South Africa gets tough on Robert Mugabe

CAPE TOWN (Reuters) – South Africa will take a tough line at a regional summit this weekend to end deadlock in Zimbabwe's power-sharing talks, a government spokesman said on Thursday.

"This is becoming a matter of extreme concern to us and we will be taking quite a hard stance to make sure that agreement is reached," cabinet spokesman Themba Maseko told reporters.

South Africa’s expression of impatience was a sharp change from the style of former President Thabo Mbeki, whose softly-softly approach as official southern African mediator has been criticised as ineffective.

The 15-nation Southern African Development Community (SADC) is scheduled to hold an emergency summit in South Africa on Sunday to discuss the political stalemate in Zimbabwe.

A smaller SADC meeting held in Harare last month failed to end the deadlock.

President Robert Mugabe, opposition leader Morgan Tsvangirai and Arthur Mutambara, leader of a smaller breakaway opposition faction, agreed to share power on September 15, but talks have stalled over control of ministries.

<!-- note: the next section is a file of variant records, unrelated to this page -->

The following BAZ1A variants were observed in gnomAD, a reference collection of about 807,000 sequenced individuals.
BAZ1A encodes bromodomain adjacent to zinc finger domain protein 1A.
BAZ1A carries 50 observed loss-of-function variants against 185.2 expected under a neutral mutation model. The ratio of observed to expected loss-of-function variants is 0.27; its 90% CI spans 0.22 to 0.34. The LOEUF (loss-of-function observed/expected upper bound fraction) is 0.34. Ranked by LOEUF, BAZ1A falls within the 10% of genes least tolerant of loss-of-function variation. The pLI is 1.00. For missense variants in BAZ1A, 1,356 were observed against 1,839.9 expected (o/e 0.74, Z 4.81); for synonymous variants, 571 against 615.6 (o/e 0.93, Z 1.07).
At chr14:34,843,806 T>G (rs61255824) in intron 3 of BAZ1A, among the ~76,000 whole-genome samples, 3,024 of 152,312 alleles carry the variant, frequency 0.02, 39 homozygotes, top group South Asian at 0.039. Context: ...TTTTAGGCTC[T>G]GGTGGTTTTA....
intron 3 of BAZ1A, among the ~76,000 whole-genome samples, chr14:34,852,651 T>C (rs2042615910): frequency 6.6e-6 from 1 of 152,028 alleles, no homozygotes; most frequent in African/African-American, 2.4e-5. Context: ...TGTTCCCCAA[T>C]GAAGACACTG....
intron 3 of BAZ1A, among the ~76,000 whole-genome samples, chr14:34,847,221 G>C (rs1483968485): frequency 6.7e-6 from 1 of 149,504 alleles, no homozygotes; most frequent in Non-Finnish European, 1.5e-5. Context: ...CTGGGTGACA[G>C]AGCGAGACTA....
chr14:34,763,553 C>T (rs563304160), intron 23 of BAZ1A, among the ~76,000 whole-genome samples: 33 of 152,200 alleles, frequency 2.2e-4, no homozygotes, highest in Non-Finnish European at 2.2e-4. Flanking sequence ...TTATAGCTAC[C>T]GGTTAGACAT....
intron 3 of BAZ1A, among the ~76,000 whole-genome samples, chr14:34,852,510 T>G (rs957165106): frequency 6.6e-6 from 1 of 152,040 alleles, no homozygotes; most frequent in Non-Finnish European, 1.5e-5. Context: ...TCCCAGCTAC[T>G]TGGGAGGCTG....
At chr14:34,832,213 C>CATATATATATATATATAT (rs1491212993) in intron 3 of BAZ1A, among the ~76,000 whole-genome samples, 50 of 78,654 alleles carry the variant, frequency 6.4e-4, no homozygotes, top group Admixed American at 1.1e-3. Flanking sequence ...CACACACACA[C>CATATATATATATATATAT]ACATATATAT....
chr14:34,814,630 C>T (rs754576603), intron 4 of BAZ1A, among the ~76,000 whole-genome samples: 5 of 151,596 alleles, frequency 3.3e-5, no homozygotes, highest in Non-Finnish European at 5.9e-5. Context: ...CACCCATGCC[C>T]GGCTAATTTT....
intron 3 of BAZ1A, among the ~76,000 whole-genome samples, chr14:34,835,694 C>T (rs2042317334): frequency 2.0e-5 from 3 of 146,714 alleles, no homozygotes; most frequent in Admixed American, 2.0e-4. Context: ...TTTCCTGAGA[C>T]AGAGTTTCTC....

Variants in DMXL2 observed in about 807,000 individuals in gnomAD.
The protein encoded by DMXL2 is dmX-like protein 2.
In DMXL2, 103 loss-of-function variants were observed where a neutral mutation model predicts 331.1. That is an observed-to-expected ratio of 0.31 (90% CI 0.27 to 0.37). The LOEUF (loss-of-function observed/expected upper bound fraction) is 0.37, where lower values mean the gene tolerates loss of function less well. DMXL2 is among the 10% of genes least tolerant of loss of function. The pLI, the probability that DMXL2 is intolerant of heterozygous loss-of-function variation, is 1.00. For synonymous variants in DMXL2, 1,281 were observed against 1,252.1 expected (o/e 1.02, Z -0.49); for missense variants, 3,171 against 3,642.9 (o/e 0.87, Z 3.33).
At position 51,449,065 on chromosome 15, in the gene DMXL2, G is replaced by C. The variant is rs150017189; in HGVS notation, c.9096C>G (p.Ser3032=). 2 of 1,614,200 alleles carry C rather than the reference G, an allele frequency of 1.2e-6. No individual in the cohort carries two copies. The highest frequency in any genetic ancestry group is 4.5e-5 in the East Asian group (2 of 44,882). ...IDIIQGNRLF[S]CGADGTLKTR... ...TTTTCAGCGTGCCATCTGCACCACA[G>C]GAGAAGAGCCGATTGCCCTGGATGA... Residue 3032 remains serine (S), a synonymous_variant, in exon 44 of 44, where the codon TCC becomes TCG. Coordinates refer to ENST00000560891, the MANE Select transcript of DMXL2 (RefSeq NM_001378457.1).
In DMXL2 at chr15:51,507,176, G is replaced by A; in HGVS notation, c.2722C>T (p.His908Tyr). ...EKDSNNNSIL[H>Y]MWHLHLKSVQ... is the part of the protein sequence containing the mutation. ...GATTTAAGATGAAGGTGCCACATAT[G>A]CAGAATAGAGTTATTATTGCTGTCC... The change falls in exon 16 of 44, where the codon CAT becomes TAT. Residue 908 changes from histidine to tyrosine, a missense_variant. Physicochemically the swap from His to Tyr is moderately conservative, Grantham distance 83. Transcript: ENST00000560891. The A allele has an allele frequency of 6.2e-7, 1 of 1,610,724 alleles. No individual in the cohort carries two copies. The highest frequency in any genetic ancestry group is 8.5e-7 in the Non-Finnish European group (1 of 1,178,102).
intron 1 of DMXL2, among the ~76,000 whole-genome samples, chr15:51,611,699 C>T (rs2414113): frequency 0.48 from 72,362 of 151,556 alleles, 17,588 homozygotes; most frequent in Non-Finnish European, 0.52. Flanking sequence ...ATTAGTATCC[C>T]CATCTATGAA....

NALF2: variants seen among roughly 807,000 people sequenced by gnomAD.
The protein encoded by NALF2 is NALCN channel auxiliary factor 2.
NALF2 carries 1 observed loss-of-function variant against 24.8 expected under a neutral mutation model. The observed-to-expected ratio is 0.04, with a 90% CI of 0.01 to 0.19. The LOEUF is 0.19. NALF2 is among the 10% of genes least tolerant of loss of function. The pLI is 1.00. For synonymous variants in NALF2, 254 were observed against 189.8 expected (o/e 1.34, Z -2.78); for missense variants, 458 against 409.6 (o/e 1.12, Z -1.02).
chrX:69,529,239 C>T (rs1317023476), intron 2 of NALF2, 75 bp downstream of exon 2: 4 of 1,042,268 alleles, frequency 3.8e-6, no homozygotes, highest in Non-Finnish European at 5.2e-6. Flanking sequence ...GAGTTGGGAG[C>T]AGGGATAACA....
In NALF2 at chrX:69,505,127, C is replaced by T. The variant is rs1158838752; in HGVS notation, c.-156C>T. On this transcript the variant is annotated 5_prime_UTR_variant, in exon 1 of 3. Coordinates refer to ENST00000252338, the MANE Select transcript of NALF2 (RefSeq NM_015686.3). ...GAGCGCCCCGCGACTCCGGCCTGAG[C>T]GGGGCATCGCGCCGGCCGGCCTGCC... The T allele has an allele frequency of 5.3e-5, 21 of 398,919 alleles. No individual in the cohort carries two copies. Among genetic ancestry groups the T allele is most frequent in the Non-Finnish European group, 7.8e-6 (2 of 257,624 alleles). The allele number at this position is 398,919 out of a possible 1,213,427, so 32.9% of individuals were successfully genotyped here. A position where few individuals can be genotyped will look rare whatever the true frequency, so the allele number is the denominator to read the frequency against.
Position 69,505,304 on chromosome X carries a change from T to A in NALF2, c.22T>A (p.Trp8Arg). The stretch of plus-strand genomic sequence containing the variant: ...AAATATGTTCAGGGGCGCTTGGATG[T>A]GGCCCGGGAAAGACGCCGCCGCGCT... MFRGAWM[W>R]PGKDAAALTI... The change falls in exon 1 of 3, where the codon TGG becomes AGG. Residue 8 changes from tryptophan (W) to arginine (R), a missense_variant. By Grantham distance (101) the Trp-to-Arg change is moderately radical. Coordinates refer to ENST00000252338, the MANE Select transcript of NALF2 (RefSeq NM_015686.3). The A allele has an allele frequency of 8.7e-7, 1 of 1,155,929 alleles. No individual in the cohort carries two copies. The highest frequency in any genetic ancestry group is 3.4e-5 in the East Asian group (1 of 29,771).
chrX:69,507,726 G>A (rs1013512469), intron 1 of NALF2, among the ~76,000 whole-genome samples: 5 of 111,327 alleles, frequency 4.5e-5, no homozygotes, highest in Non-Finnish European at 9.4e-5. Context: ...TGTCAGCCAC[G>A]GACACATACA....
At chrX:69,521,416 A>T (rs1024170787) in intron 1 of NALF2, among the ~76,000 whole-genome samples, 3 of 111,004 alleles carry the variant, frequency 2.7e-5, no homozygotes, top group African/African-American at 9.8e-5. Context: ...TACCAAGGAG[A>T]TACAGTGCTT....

Maseko added: "We believe that South Africa and the region cannot be held to ransom by three parties that are failing to reach agreement on the allocation of cabinet posts."

Establishing a unity government is seen as critical to reversing an economic meltdown in the southern African nation where inflation is officially put at 231 million percent. Even under government price controls, the cost of bread is doubling every week.

Zimbabweans are struggling to survive amid widespread shortages of meat, milk and other basic commodities as a result of the collapse of the agricultural sector. The country is dependent on food handouts and malnutrition is on the rise.

Tsvangirai, who would become prime minister under the power-sharing deal, has accused Mugabe’s ZANU-PF of trying to seize the lion’s share of important ministries to try to relegate the MDC to the role of junior partner.

Tsvangirai won a March presidential election but not with enough votes to avoid a run-off. He then pulled out of the second vote, citing violence against his supporters.

He left Zimbabwe on Wednesday to visit countries in the region ahead of the Sunday summit, travelling on a temporary travel document after the government failed to issue him with a passport, the MDC said.

Tsvangirai snubbed a planned SADC meeting in Swaziland last month after being denied a passport.